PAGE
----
Delivering Bad News

Posted by: Linda Davis on July 5th, 2008

There is almost nothing more rewarding in the business of real estate then making the call to first time home buyers to tell them their offer has been accepted. In today’s market, calling sellers and telling them their house is sold can also provide an “I’m so glad I’m a Realtor feeling”.

Unfortunately, delivering bad news is also part of the job and I’ve been delivering it in large doses of late.

Despite the local facts and statistics, national print media headlines and on air reporting by the talking heads, many sellers believe their home is worth more than it is. It is my job, as the friendly local Realtor, to be welcomed into a seller’s home, burst their bubble, and otherwise ruin their perfect day.

Delivering bad news doesn’t come easy and is a learned skill. Having been through 3 market corrections over 3 decades, I have had a fair amount of practice in delivering bad news. I once had a seller burst into tears and although I appear tough, it was an effort to remain professional and not start bawling right along with her.

Hey, I don’t like this market either. Sniffle.

This week I’ve had the opportunity to take the wind out of the sails of two future sellers. As I delivered my CMA at possible listing #1, Mrs. Seller just stared and never said one word. Mr. Seller escorted me out of the house, a quick (although it seemed a lifetime) 7 minutes from when I entered. I assume I’m not the winning listing agent on that one.

Potential listing #2 was different. The seller was outraged that my price was so low and chose to debate me by presenting comparable sales for his home that were 25 years newer and in supremely better condition.

Although this takes more skills as an agent, I actually prefer debating rather than making someone cry or getting the silent treatment. Unfortunately, I won the debate but lost the listing.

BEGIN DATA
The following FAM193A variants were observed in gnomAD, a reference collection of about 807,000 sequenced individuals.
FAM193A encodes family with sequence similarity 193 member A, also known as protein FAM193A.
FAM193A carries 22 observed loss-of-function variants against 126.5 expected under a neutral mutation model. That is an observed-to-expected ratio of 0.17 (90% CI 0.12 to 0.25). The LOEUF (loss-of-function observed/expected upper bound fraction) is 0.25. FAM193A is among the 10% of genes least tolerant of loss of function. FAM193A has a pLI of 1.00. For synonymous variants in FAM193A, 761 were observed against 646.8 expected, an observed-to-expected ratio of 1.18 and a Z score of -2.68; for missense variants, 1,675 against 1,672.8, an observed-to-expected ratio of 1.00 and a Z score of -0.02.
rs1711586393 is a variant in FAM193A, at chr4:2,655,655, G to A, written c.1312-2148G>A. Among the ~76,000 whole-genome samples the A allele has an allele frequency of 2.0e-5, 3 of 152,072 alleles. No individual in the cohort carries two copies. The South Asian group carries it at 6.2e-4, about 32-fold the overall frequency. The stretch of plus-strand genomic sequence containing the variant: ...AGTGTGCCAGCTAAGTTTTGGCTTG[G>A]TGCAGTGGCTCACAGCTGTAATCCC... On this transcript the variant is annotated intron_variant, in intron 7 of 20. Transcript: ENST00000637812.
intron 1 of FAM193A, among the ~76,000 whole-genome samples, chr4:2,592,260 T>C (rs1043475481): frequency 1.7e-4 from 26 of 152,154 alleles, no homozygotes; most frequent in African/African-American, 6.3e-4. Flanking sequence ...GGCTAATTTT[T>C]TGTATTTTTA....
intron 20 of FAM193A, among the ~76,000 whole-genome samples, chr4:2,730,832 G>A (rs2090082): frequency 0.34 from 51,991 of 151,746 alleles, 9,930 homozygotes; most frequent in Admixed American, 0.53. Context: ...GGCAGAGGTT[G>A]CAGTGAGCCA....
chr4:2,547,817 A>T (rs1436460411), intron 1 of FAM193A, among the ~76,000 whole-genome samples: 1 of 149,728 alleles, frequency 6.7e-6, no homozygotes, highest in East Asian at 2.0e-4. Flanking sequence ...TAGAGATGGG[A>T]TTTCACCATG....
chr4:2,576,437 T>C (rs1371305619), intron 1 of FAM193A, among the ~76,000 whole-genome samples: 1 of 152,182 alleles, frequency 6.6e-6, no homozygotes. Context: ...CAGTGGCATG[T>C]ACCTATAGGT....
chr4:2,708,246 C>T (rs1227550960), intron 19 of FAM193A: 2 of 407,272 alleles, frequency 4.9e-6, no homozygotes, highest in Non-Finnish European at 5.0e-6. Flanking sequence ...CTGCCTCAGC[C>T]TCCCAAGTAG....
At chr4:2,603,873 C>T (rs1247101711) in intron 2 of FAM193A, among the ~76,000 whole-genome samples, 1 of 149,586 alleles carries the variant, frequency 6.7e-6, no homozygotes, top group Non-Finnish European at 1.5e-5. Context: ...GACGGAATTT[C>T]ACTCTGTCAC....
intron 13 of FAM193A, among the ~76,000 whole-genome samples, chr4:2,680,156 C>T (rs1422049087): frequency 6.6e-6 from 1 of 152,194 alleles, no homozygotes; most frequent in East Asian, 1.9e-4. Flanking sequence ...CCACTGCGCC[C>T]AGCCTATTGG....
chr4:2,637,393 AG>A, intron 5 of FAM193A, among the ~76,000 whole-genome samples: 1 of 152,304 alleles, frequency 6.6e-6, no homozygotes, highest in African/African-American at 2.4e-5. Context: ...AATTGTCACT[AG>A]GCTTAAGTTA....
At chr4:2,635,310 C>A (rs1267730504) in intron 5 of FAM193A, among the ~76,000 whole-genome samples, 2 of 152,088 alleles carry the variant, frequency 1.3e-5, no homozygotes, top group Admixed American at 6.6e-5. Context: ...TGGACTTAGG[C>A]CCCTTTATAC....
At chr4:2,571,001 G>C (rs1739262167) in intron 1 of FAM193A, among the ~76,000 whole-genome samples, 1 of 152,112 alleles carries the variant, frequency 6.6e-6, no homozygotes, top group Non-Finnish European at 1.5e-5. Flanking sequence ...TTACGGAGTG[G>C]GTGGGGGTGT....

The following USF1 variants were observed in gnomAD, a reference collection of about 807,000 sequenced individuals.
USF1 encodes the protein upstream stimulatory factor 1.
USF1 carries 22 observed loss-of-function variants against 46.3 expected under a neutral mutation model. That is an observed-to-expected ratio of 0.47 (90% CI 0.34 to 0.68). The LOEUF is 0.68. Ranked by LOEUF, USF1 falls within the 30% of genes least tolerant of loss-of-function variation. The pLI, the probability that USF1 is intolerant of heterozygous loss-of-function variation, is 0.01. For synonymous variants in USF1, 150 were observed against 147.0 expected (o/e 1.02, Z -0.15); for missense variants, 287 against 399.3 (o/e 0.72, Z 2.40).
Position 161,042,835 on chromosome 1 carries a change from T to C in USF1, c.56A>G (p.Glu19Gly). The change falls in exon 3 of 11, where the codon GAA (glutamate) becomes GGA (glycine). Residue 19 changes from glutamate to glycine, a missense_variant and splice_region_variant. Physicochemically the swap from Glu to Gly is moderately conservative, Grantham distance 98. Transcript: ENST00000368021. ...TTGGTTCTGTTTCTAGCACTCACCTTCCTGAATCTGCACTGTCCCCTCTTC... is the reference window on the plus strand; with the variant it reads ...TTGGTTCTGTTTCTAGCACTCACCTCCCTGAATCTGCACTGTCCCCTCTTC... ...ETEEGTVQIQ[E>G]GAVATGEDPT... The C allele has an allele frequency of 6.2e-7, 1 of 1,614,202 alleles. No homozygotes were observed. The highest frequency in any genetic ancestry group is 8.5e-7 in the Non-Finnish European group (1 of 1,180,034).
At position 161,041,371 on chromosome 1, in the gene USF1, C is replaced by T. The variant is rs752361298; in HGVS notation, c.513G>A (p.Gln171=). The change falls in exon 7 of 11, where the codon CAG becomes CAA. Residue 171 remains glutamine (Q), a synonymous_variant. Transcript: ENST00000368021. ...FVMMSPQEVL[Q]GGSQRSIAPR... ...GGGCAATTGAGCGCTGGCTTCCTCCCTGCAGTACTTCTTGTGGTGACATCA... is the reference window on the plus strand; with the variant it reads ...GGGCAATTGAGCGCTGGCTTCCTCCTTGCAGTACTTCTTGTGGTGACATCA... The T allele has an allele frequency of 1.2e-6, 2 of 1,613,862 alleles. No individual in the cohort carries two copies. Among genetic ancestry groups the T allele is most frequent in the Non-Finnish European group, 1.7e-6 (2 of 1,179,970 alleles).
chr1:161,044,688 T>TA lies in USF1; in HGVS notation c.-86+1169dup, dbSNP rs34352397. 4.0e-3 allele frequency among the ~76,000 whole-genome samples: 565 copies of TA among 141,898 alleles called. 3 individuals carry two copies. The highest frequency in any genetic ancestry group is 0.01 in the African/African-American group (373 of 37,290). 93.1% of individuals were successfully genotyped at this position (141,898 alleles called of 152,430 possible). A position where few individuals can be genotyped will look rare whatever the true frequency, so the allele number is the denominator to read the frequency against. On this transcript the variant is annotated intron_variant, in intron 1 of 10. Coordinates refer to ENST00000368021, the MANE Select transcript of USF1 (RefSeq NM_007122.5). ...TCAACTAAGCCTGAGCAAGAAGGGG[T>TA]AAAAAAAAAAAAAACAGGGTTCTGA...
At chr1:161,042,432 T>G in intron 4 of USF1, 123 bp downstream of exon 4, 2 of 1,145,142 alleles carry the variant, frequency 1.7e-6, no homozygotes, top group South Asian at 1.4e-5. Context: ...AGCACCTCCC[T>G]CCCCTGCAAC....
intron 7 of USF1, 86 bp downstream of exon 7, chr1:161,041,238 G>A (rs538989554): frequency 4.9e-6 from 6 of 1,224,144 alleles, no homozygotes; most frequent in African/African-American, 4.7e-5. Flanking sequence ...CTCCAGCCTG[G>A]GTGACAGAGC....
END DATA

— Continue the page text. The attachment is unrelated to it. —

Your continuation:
Ironically I will lose both listings to real estate agents who don’t have the experience of delivering bad news. It is a whole lot easier to tell a seller what they want to hear and then work on price reductions along the way. Unfortunately, in a declining market, this can be a serious misstep as the home seller finds himself “chasing the market down”. In the end, the home will sell for less than my original market analysis.

I don’t feel any rush being able to say “I told you so”. Although there is some satisfaction in knowing I was right, I’d much rather have collected the commission.

I keep a file of the MLS summary sheets of the listings I’ve lost because the seller didn’t like my price. The file is getting thicker.

Linda Davis is a Realtor with RE/MAX Realty Group in Ledyard, Connecticut.



4 Comments on “Delivering Bad News”

Louis Cammarosano

Hi Linda
Paul Blackburn over on the HomeGain Agent blogging network also summed up the points you made above regarding the hard conversation agents are having with potential clients all over the country about the potential (lower) sale value of their homes.

Paul in his blog post “Why your home is NOT special”, chooses to get that point made up front with his potential prospects so maybe he avoids having the reaction to bad news as he is setting up his potential customers’ expectations right up front BEFORE he even meets them.

Jim Johnson

Great Blog. I have been selling real estate in Bend Oregon since 1981 and find it refreshing to find a helpful blog like yours. Keep up the good work.

Ken in Chicago

IMO delivering bad news is about the hardest part of our business. Sooner you take care of it the better.

Can’t stand agents that are willing to lie to a seller and tell them their home is worth more then it is. They are costing their sellers money.

Toronto realtor

Hi Linda, nice comment. It is really true. This is also part of our job since I am working as a Toronto realtor. I have learned that you have to accept it as a part of a business and if somebody is unsatisfied you do not have to care. If you’ve done a good job according to your best will then there is no reason to think you did something wrong.

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